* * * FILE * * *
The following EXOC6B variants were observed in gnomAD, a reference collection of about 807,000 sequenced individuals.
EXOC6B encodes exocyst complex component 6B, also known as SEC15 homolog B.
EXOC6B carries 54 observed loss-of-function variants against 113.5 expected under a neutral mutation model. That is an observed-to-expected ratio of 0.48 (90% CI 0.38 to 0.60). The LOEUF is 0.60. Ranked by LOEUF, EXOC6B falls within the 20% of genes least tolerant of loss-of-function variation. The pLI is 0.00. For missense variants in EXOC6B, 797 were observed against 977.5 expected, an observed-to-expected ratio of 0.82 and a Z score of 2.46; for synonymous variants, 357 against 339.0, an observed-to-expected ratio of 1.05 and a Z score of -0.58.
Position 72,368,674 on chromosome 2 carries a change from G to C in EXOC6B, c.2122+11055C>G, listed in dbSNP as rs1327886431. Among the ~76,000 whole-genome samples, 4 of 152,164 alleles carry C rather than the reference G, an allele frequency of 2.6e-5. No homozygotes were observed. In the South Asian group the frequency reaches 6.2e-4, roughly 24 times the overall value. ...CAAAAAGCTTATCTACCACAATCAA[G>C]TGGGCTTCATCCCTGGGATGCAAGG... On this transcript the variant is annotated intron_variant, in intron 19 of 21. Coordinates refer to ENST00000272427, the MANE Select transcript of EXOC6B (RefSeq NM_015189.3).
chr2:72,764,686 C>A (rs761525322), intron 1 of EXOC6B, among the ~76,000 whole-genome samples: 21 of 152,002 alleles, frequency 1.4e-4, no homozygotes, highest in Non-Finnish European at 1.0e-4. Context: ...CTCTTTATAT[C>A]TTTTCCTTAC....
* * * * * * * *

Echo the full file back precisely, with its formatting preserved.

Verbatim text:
The following EXOC6B variants were observed in gnomAD, a reference collection of about 807,000 sequenced individuals.
EXOC6B encodes exocyst complex component 6B, also known as SEC15 homolog B.
EXOC6B carries 54 observed loss-of-function variants against 113.5 expected under a neutral mutation model. That is an observed-to-expected ratio of 0.48 (90% CI 0.38 to 0.60). The LOEUF is 0.60. Ranked by LOEUF, EXOC6B falls within the 20% of genes least tolerant of loss-of-function variation. The pLI is 0.00. For missense variants in EXOC6B, 797 were observed against 977.5 expected, an observed-to-expected ratio of 0.82 and a Z score of 2.46; for synonymous variants, 357 against 339.0, an observed-to-expected ratio of 1.05 and a Z score of -0.58.
Position 72,368,674 on chromosome 2 carries a change from G to C in EXOC6B, c.2122+11055C>G, listed in dbSNP as rs1327886431. Among the ~76,000 whole-genome samples, 4 of 152,164 alleles carry C rather than the reference G, an allele frequency of 2.6e-5. No homozygotes were observed. In the South Asian group the frequency reaches 6.2e-4, roughly 24 times the overall value. ...CAAAAAGCTTATCTACCACAATCAA[G>C]TGGGCTTCATCCCTGGGATGCAAGG... On this transcript the variant is annotated intron_variant, in intron 19 of 21. Coordinates refer to ENST00000272427, the MANE Select transcript of EXOC6B (RefSeq NM_015189.3).
chr2:72,764,686 C>A (rs761525322), intron 1 of EXOC6B, among the ~76,000 whole-genome samples: 21 of 152,002 alleles, frequency 1.4e-4, no homozygotes, highest in Non-Finnish European at 1.0e-4. Context: ...CTCTTTATAT[C>A]TTTTCCTTAC....